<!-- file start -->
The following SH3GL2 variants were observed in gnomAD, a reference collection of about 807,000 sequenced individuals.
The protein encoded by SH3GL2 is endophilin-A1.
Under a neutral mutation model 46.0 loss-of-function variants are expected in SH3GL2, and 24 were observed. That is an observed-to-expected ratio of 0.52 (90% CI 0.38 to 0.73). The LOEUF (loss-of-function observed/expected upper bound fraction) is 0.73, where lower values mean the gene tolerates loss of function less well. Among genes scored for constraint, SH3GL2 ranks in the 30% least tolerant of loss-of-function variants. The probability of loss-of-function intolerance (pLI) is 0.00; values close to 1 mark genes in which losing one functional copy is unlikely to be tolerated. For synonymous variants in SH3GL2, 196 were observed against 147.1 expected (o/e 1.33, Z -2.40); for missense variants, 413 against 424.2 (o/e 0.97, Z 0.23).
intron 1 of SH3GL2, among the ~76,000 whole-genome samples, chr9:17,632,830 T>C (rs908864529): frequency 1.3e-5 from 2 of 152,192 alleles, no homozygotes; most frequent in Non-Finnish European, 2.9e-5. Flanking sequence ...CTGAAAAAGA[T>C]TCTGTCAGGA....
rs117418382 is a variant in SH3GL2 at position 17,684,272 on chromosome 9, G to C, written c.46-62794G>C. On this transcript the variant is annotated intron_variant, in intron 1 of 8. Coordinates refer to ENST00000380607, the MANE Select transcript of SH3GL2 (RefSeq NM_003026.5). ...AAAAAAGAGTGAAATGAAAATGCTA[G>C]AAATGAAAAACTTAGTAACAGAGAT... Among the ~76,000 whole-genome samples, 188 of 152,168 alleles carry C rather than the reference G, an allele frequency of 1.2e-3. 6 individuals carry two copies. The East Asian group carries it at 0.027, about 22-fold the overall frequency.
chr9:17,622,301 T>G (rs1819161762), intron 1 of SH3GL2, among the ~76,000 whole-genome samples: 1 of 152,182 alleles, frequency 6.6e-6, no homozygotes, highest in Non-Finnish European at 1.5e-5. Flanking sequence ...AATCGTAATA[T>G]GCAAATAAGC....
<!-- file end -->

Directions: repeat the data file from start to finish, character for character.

The following SH3GL2 variants were observed in gnomAD, a reference collection of about 807,000 sequenced individuals.
The protein encoded by SH3GL2 is endophilin-A1.
Under a neutral mutation model 46.0 loss-of-function variants are expected in SH3GL2, and 24 were observed. That is an observed-to-expected ratio of 0.52 (90% CI 0.38 to 0.73). The LOEUF (loss-of-function observed/expected upper bound fraction) is 0.73, where lower values mean the gene tolerates loss of function less well. Among genes scored for constraint, SH3GL2 ranks in the 30% least tolerant of loss-of-function variants. The probability of loss-of-function intolerance (pLI) is 0.00; values close to 1 mark genes in which losing one functional copy is unlikely to be tolerated. For synonymous variants in SH3GL2, 196 were observed against 147.1 expected (o/e 1.33, Z -2.40); for missense variants, 413 against 424.2 (o/e 0.97, Z 0.23).
intron 1 of SH3GL2, among the ~76,000 whole-genome samples, chr9:17,632,830 T>C (rs908864529): frequency 1.3e-5 from 2 of 152,192 alleles, no homozygotes; most frequent in Non-Finnish European, 2.9e-5. Flanking sequence ...CTGAAAAAGA[T>C]TCTGTCAGGA....
rs117418382 is a variant in SH3GL2 at position 17,684,272 on chromosome 9, G to C, written c.46-62794G>C. On this transcript the variant is annotated intron_variant, in intron 1 of 8. Coordinates refer to ENST00000380607, the MANE Select transcript of SH3GL2 (RefSeq NM_003026.5). ...AAAAAAGAGTGAAATGAAAATGCTA[G>C]AAATGAAAAACTTAGTAACAGAGAT... Among the ~76,000 whole-genome samples, 188 of 152,168 alleles carry C rather than the reference G, an allele frequency of 1.2e-3. 6 individuals carry two copies. The East Asian group carries it at 0.027, about 22-fold the overall frequency.
chr9:17,622,301 T>G (rs1819161762), intron 1 of SH3GL2, among the ~76,000 whole-genome samples: 1 of 152,182 alleles, frequency 6.6e-6, no homozygotes, highest in Non-Finnish European at 1.5e-5. Flanking sequence ...AATCGTAATA[T>G]GCAAATAAGC....